Friday, 22 July 2022 08:55

Aussies look at new approach to flystrike control

Written by  Staff Reporters
Dr Peter James believes nanotechnology could be part of the solution to a problem that costs the Australian sheep industry AU$173 million a year. Dr Peter James believes nanotechnology could be part of the solution to a problem that costs the Australian sheep industry AU$173 million a year.

Tiny nanoparticles less than a thousandth of a millimetre in size are providing a promising new method to protect sheep against flystrike, according to University of Queensland research.

Senior Research Fellow Dr Peter James from UQ's Centre for Animal Science believes nanotechnology could be part of the solution to a problem that costs the Australian sheep industry AU$73 million a year.

"New methods that can provide longer periods of protection are required to counter the development of resistance to flystrike, insecticides and to support the reduced reliance on mulesing, a surgical technique that has been relied upon over many years," James says.

The Australian Wool Innovation (AWI) funded project is designing and testing unique silica nanocapsule particles with surface spikes purpose-built to give prolonged periods of protection against flystrike and lice.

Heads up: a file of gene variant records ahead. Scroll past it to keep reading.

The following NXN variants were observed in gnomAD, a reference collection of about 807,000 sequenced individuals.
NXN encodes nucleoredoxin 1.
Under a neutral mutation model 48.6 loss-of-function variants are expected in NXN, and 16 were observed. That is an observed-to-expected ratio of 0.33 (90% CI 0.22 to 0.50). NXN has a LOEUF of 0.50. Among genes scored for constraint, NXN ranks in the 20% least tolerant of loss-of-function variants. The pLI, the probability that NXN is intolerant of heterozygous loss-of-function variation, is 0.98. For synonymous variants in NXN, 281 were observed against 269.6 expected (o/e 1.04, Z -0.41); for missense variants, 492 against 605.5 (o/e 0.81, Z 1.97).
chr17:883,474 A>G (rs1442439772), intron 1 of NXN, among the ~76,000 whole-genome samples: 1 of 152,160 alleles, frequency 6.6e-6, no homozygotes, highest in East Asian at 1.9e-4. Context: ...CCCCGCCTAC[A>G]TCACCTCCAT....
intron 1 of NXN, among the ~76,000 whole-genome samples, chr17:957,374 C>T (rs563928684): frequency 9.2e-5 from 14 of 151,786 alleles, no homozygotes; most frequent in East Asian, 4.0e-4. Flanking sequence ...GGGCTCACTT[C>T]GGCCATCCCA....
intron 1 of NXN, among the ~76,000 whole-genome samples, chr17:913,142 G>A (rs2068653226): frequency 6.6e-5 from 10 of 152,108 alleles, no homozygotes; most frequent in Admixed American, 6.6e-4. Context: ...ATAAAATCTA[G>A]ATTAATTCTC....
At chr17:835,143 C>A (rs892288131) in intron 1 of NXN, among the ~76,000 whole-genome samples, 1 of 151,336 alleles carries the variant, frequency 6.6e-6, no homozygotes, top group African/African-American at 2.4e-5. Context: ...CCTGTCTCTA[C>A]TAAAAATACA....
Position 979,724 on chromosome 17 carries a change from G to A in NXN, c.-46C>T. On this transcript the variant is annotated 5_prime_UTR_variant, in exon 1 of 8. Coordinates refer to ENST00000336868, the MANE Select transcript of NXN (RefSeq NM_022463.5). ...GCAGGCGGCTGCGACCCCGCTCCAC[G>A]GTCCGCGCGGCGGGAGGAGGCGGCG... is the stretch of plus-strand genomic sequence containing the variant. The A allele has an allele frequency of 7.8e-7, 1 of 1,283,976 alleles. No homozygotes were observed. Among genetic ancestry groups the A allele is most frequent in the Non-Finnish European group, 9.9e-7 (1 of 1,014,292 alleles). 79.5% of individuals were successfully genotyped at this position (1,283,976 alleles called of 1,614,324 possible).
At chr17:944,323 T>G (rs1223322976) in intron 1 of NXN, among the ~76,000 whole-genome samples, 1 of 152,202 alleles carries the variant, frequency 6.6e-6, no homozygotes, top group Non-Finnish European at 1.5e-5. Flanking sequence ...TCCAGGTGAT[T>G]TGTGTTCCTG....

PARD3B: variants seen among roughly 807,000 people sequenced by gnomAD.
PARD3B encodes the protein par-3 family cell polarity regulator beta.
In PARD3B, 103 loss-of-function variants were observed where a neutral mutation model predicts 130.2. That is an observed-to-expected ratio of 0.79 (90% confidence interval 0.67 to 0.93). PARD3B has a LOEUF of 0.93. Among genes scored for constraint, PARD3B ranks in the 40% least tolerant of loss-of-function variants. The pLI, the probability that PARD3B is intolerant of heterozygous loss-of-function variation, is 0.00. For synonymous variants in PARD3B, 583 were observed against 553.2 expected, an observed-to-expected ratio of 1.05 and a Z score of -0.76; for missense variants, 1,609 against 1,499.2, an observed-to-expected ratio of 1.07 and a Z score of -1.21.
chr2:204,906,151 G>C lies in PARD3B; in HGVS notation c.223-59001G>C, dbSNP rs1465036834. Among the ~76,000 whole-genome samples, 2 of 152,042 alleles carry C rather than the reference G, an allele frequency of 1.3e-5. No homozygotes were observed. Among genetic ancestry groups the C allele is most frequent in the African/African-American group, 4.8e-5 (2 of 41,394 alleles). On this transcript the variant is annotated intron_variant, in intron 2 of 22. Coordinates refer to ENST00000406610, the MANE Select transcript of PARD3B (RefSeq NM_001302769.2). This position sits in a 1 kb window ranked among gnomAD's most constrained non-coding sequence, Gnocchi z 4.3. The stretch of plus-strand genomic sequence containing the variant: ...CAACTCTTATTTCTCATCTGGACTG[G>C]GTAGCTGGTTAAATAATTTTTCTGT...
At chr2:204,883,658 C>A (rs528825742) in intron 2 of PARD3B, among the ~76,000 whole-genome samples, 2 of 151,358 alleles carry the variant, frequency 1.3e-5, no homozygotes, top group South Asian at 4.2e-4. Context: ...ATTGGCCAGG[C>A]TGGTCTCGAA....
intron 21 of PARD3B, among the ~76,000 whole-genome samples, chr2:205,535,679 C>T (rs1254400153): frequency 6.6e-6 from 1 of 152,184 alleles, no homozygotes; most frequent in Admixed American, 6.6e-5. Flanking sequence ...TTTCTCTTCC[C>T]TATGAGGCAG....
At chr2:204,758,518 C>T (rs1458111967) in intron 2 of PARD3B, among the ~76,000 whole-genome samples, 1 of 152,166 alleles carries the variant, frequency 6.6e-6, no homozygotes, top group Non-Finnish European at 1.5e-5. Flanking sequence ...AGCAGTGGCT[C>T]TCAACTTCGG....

"We've had very promising results during testing with the slow-release formulations giving extended periods of protection in comparisons with more conventional formulations."

James, who heads the project, says the results showed the careful choice of active ingredient can ensure minimal residues or off-target effects for the sheep.

"Nanocapsules offer new, labour-efficient options fro managing flystrike and could also help counter the risk of blowflies developing resistance to treatment," he adds.

"Historically, chemical pesticides have been delivered in relatively large doses to achieve extended protection, but in slow-release formulas doses can be smaller."

James explains that by using nanocapsules, the chemical can either be delivered at steady levels over a prolonged period or designed to release only when needed.

Materials scientist Professor Michael Yu says UQ had patented the silica nanoparticles that feature a hollow cavity and a porous silica shell.

"We've tested a number of designs, but the most promising is a nanoparticle that has whisker-like spikes which cover the outer surface," Yu explains. "These spikes help the capsules 'stick' to either the fleece fibres or to the blowflies."

AWI general manager research Dr Jane Littlejohn has welcomed the research and says nanotechnology had the potential to increase the range of treatment options available to woolgrowers.

The next stage of the research will be to move the study out of the laboratory and test the technology in the field.

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